Parenting

Side-By-Side Magazine Covers Cause Outrage Among Parents

“Is this the message you want for your daughters??”

A side-by-side photo making its rounds online is causing a stir among parents.

Missouri dad Matt Frye shared a photo of issues of Girls’ Life and Boys’ Life magazines (which are not affiliated with each other) on Facebook on Aug. 31. The Girls’ Life cover teases stories about “your dream hair,” “fall fashion you’ll love” and ways to “wake up pretty.” Boys’ Life magazine, the official magazine for the Boy Scouts of America, shares ways to “explore your future” by becoming an astronaut, a firefighter and more on its front page.

In the caption of his photo, Frye described the two covers as a “sad microcosm of what our society says being a girl vs. being a boy means.”

“With three girls to raise, this breaks my heart,” he wrote. “I’ll fight like hell for my girls to not exist in this reality.”

Fellow parent Shoshanna Keats-Jaskoll shared Frye’s photo on her Facebook along with an open letter to Girls’ Life. In her letter, she pointed out how the cover focused heavily on girls’ appearances and asked the magazine to “fight the tide of objectification of girls” and treat them as “more than hair, lips and kisses.”

“WHAT in the name of all that is and ever was good are you teaching girls??” she wrote. “Is this the message you want for your daughters??”

Since Keats-Jaskoll, who wrote in her post that she is the mom of two girls and three boys, shared the open letter on Sept. 1, it has gotten more than 5,000 reactions and 3,300 shares. The photo has gone viral, sparking disappointment from parents.

Keats-Jaskoll told The Huffington Post she decided to publicly post her feelings about the magazine covers because she is a “big believer in not being a bystander,” but she never expected her letter to be shared so widely.

“It was more a way of making sure that I registered a protest so no one says that no one ever said anything,” she said. “I am horrified at the messages given to girls. I cannot understand why we put up with it.”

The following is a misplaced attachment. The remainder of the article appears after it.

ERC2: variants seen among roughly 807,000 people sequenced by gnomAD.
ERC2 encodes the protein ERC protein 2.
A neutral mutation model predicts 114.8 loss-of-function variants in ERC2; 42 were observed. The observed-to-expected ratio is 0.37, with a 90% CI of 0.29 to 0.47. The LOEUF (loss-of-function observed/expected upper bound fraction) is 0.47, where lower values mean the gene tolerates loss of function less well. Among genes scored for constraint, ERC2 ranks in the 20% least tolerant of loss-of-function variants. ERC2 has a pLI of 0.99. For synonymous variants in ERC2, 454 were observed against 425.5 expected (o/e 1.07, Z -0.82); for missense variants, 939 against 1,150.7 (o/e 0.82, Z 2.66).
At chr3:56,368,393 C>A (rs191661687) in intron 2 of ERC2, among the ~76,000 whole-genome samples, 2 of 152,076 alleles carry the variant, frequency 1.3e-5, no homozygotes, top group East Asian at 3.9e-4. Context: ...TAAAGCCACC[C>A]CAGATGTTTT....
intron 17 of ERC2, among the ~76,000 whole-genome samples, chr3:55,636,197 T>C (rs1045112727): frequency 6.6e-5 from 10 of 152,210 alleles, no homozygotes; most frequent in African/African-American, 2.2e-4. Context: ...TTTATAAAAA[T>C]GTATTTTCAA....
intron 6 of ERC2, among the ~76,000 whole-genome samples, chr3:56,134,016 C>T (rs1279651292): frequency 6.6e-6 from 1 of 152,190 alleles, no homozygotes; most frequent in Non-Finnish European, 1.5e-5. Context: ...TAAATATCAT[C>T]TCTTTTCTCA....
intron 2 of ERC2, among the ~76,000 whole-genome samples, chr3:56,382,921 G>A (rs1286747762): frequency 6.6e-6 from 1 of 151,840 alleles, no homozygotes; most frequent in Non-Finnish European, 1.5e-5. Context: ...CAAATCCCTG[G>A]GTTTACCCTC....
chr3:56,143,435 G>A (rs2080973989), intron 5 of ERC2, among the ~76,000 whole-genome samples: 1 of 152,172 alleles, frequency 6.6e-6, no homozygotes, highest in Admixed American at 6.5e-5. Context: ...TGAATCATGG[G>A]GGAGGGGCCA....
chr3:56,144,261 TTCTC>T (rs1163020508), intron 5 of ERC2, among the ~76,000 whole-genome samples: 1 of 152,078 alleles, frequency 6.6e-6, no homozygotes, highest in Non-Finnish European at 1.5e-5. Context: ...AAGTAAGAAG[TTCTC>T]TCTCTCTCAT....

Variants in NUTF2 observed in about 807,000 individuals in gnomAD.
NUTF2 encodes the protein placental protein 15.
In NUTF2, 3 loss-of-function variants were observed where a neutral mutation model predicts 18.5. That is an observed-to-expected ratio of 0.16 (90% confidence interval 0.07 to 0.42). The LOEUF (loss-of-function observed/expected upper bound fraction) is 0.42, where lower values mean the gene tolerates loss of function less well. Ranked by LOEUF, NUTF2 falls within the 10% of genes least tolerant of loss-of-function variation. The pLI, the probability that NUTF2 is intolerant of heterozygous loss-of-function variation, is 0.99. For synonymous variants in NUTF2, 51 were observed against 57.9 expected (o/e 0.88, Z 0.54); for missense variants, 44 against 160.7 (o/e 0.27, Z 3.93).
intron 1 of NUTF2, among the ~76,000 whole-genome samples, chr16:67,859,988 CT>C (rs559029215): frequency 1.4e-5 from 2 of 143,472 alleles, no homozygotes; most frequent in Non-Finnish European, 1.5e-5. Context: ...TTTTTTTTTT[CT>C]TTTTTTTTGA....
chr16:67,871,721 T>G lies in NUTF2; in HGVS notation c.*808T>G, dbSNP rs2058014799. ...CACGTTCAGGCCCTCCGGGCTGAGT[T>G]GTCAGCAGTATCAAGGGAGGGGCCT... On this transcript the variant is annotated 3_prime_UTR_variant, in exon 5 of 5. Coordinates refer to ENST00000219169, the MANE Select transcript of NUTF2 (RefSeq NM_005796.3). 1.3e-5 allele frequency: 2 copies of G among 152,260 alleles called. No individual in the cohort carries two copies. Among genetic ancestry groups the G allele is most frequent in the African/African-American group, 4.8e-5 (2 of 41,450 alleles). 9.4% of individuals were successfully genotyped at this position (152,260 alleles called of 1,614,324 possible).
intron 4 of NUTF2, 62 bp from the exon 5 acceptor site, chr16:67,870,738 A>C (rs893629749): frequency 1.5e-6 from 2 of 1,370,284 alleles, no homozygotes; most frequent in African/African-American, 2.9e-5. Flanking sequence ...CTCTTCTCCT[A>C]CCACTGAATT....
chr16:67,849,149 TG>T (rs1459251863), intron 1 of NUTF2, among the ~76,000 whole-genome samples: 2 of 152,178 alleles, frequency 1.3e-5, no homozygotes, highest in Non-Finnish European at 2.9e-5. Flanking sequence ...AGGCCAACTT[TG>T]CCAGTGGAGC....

Inside the pages of the Girls' Life issue featured in the post are stories about “flirting mantras,” fashion and first kisses along with more substantive content like sexist dress codes and head injuries in sports. When asked why the latter stories weren’t promoted on the front page, Karen Bokram, editor and publisher of Girls’ Life told The Huffington Post that the magazine “is more than just a cover.”

“As you can take a look buying our magazines you know that we have other issues that might be perceived as having more value, but I don’t ever feel the need to apologize for girls who are interested in fashion and beauty because that’s how girls express themselves,” she said. “And there’s no reason to say that being pretty and smart in 2016 is something to be shamed about.”

Bokram added that comparing Girls’ Life and Boys’ Life magazines directly is like comparing “apples and oranges.”

“Their covers are reflective of scouting,” she said. “Our covers are reflective of a 360-degree world that our readers find important.”

In her original post about the covers, Keats-Jaskoll stressed that there is “nothing wrong with wanting to look nice,” but magazines should offer more to girls. She told HuffPost that she hopes her post will inspire other parents to speak up for their children and demand more from magazines. Most importantly, she hopes magazines will listen to parents’ suggestions.

“I hope they realize that as media they do have a responsibility to their audience, and more than a responsibility, they have a massive opportunity to reach girls and build them up, beyond makeup and hair.”

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